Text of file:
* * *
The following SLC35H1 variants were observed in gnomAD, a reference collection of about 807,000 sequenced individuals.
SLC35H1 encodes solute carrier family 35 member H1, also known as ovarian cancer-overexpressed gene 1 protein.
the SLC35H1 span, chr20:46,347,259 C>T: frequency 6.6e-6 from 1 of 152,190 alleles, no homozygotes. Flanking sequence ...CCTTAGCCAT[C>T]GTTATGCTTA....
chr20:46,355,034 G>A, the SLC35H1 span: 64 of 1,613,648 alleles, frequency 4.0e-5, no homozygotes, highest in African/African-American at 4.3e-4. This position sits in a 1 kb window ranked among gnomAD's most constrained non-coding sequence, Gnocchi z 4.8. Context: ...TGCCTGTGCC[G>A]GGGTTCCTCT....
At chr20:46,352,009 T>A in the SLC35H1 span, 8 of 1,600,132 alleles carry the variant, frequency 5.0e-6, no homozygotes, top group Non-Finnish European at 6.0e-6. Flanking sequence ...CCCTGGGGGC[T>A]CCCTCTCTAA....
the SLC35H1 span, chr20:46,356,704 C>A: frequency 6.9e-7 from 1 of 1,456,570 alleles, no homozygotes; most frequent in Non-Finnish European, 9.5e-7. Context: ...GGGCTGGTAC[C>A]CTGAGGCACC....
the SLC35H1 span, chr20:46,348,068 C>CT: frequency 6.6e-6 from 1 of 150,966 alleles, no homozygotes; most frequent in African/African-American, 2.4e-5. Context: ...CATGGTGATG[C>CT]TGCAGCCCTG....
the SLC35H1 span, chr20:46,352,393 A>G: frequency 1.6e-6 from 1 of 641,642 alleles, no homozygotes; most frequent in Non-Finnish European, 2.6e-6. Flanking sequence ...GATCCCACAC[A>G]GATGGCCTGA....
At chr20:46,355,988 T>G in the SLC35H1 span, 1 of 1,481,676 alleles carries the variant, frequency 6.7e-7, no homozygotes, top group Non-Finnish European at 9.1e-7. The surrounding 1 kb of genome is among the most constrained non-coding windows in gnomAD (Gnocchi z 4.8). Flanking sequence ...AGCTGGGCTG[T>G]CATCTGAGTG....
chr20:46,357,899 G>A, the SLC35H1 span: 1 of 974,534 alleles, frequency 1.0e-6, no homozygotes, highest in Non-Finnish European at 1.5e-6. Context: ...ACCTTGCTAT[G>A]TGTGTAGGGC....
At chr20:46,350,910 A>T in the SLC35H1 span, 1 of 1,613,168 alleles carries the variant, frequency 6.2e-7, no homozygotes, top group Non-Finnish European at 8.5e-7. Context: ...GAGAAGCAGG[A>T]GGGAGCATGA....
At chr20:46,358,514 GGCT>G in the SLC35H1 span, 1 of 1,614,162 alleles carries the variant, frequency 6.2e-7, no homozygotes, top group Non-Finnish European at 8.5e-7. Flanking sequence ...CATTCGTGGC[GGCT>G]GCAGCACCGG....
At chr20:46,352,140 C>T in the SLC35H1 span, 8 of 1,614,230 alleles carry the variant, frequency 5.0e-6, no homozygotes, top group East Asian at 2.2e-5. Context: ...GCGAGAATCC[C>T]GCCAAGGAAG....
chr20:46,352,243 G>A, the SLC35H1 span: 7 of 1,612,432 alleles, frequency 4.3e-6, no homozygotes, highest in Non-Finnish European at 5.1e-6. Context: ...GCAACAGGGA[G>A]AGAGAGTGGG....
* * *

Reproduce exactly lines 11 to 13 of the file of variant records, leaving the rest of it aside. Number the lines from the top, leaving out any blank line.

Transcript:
At chr20:46,350,910 A>T in the SLC35H1 span, 1 of 1,613,168 alleles carries the variant, frequency 6.2e-7, no homozygotes, top group Non-Finnish European at 8.5e-7. Context: ...GAGAAGCAGG[A>T]GGGAGCATGA....
At chr20:46,358,514 GGCT>G in the SLC35H1 span, 1 of 1,614,162 alleles carries the variant, frequency 6.2e-7, no homozygotes, top group Non-Finnish European at 8.5e-7. Flanking sequence ...CATTCGTGGC[GGCT>G]GCAGCACCGG....
At chr20:46,352,140 C>T in the SLC35H1 span, 8 of 1,614,230 alleles carry the variant, frequency 5.0e-6, no homozygotes, top group East Asian at 2.2e-5. Context: ...GCGAGAATCC[C>T]GCCAAGGAAG....